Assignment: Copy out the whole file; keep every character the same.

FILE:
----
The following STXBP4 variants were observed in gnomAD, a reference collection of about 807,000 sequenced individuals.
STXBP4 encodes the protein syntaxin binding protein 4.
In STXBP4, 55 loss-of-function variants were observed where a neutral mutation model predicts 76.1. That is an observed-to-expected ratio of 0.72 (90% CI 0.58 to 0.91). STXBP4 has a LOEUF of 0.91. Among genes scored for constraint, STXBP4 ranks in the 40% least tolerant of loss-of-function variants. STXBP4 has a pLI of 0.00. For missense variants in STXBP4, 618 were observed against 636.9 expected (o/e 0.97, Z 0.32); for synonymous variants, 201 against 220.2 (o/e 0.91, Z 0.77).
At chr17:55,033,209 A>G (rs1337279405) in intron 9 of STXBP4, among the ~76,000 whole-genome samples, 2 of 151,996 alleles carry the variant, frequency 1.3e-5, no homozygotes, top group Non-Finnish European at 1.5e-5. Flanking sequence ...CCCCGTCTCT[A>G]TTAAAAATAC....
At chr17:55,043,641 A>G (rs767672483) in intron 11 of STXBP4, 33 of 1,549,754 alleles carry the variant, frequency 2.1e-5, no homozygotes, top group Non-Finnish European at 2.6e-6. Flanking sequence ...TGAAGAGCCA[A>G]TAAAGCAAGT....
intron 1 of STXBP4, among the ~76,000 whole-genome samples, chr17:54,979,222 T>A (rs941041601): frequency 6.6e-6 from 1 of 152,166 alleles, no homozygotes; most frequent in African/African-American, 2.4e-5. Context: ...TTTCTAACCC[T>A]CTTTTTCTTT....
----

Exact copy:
The following STXBP4 variants were observed in gnomAD, a reference collection of about 807,000 sequenced individuals.
STXBP4 encodes the protein syntaxin binding protein 4.
In STXBP4, 55 loss-of-function variants were observed where a neutral mutation model predicts 76.1. That is an observed-to-expected ratio of 0.72 (90% CI 0.58 to 0.91). STXBP4 has a LOEUF of 0.91. Among genes scored for constraint, STXBP4 ranks in the 40% least tolerant of loss-of-function variants. STXBP4 has a pLI of 0.00. For missense variants in STXBP4, 618 were observed against 636.9 expected (o/e 0.97, Z 0.32); for synonymous variants, 201 against 220.2 (o/e 0.91, Z 0.77).
At chr17:55,033,209 A>G (rs1337279405) in intron 9 of STXBP4, among the ~76,000 whole-genome samples, 2 of 151,996 alleles carry the variant, frequency 1.3e-5, no homozygotes, top group Non-Finnish European at 1.5e-5. Flanking sequence ...CCCCGTCTCT[A>G]TTAAAAATAC....
At chr17:55,043,641 A>G (rs767672483) in intron 11 of STXBP4, 33 of 1,549,754 alleles carry the variant, frequency 2.1e-5, no homozygotes, top group Non-Finnish European at 2.6e-6. Flanking sequence ...TGAAGAGCCA[A>G]TAAAGCAAGT....
intron 1 of STXBP4, among the ~76,000 whole-genome samples, chr17:54,979,222 T>A (rs941041601): frequency 6.6e-6 from 1 of 152,166 alleles, no homozygotes; most frequent in African/African-American, 2.4e-5. Context: ...TTTCTAACCC[T>A]CTTTTTCTTT....